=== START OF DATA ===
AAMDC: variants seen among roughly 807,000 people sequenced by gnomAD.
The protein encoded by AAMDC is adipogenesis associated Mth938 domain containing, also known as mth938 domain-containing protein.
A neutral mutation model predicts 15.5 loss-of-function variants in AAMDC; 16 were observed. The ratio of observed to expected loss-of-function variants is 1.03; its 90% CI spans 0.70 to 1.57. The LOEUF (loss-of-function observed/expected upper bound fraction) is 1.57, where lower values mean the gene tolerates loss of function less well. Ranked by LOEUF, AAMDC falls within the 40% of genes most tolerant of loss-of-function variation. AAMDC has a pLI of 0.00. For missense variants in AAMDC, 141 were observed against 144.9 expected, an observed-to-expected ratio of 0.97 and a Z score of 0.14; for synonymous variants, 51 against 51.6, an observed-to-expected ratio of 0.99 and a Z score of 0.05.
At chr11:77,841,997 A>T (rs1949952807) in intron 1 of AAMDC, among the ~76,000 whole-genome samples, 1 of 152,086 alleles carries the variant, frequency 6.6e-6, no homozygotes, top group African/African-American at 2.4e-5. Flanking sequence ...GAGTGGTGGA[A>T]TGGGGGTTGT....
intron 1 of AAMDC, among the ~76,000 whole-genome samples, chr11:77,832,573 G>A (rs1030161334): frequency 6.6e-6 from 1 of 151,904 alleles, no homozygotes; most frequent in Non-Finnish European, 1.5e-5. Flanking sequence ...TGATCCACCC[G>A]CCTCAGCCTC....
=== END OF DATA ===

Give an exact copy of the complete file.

AAMDC: variants seen among roughly 807,000 people sequenced by gnomAD.
The protein encoded by AAMDC is adipogenesis associated Mth938 domain containing, also known as mth938 domain-containing protein.
A neutral mutation model predicts 15.5 loss-of-function variants in AAMDC; 16 were observed. The ratio of observed to expected loss-of-function variants is 1.03; its 90% CI spans 0.70 to 1.57. The LOEUF (loss-of-function observed/expected upper bound fraction) is 1.57, where lower values mean the gene tolerates loss of function less well. Ranked by LOEUF, AAMDC falls within the 40% of genes most tolerant of loss-of-function variation. AAMDC has a pLI of 0.00. For missense variants in AAMDC, 141 were observed against 144.9 expected, an observed-to-expected ratio of 0.97 and a Z score of 0.14; for synonymous variants, 51 against 51.6, an observed-to-expected ratio of 0.99 and a Z score of 0.05.
At chr11:77,841,997 A>T (rs1949952807) in intron 1 of AAMDC, among the ~76,000 whole-genome samples, 1 of 152,086 alleles carries the variant, frequency 6.6e-6, no homozygotes, top group African/African-American at 2.4e-5. Flanking sequence ...GAGTGGTGGA[A>T]TGGGGGTTGT....
intron 1 of AAMDC, among the ~76,000 whole-genome samples, chr11:77,832,573 G>A (rs1030161334): frequency 6.6e-6 from 1 of 151,904 alleles, no homozygotes; most frequent in Non-Finnish European, 1.5e-5. Flanking sequence ...TGATCCACCC[G>A]CCTCAGCCTC....